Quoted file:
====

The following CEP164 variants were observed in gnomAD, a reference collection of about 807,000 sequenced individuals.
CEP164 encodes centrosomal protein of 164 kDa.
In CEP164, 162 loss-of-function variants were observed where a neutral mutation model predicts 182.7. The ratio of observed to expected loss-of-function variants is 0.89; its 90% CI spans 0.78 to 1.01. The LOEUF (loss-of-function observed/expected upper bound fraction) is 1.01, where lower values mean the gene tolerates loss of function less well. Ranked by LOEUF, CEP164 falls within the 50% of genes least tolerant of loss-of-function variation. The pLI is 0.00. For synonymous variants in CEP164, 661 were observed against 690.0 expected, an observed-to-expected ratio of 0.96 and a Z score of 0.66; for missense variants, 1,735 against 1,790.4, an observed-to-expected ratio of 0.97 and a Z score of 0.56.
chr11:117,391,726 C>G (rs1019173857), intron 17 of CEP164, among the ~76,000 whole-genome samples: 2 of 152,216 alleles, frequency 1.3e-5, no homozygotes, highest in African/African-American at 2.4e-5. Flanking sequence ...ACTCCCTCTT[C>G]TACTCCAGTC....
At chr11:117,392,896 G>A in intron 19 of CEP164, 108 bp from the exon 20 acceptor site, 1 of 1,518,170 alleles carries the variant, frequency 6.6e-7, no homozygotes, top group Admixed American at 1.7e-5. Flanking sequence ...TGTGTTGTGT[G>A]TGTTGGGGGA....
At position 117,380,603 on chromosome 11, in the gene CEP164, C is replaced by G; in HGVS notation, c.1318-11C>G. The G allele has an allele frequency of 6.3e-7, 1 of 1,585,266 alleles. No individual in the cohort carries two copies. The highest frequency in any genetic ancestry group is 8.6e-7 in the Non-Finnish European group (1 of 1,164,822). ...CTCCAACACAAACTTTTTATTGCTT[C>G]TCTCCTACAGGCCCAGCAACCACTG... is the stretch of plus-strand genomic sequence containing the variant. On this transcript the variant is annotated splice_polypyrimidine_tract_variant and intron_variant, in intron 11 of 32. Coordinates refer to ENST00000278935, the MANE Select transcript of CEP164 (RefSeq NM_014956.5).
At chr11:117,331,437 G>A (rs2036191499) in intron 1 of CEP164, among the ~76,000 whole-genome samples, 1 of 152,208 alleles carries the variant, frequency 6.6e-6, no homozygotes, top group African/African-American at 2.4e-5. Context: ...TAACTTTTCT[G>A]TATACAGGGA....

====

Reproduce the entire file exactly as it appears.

The following CEP164 variants were observed in gnomAD, a reference collection of about 807,000 sequenced individuals.
CEP164 encodes centrosomal protein of 164 kDa.
In CEP164, 162 loss-of-function variants were observed where a neutral mutation model predicts 182.7. The ratio of observed to expected loss-of-function variants is 0.89; its 90% CI spans 0.78 to 1.01. The LOEUF (loss-of-function observed/expected upper bound fraction) is 1.01, where lower values mean the gene tolerates loss of function less well. Ranked by LOEUF, CEP164 falls within the 50% of genes least tolerant of loss-of-function variation. The pLI is 0.00. For synonymous variants in CEP164, 661 were observed against 690.0 expected, an observed-to-expected ratio of 0.96 and a Z score of 0.66; for missense variants, 1,735 against 1,790.4, an observed-to-expected ratio of 0.97 and a Z score of 0.56.
chr11:117,391,726 C>G (rs1019173857), intron 17 of CEP164, among the ~76,000 whole-genome samples: 2 of 152,216 alleles, frequency 1.3e-5, no homozygotes, highest in African/African-American at 2.4e-5. Flanking sequence ...ACTCCCTCTT[C>G]TACTCCAGTC....
At chr11:117,392,896 G>A in intron 19 of CEP164, 108 bp from the exon 20 acceptor site, 1 of 1,518,170 alleles carries the variant, frequency 6.6e-7, no homozygotes, top group Admixed American at 1.7e-5. Flanking sequence ...TGTGTTGTGT[G>A]TGTTGGGGGA....
At position 117,380,603 on chromosome 11, in the gene CEP164, C is replaced by G; in HGVS notation, c.1318-11C>G. The G allele has an allele frequency of 6.3e-7, 1 of 1,585,266 alleles. No individual in the cohort carries two copies. The highest frequency in any genetic ancestry group is 8.6e-7 in the Non-Finnish European group (1 of 1,164,822). ...CTCCAACACAAACTTTTTATTGCTT[C>G]TCTCCTACAGGCCCAGCAACCACTG... is the stretch of plus-strand genomic sequence containing the variant. On this transcript the variant is annotated splice_polypyrimidine_tract_variant and intron_variant, in intron 11 of 32. Coordinates refer to ENST00000278935, the MANE Select transcript of CEP164 (RefSeq NM_014956.5).
At chr11:117,331,437 G>A (rs2036191499) in intron 1 of CEP164, among the ~76,000 whole-genome samples, 1 of 152,208 alleles carries the variant, frequency 6.6e-6, no homozygotes, top group African/African-American at 2.4e-5. Context: ...TAACTTTTCT[G>A]TATACAGGGA....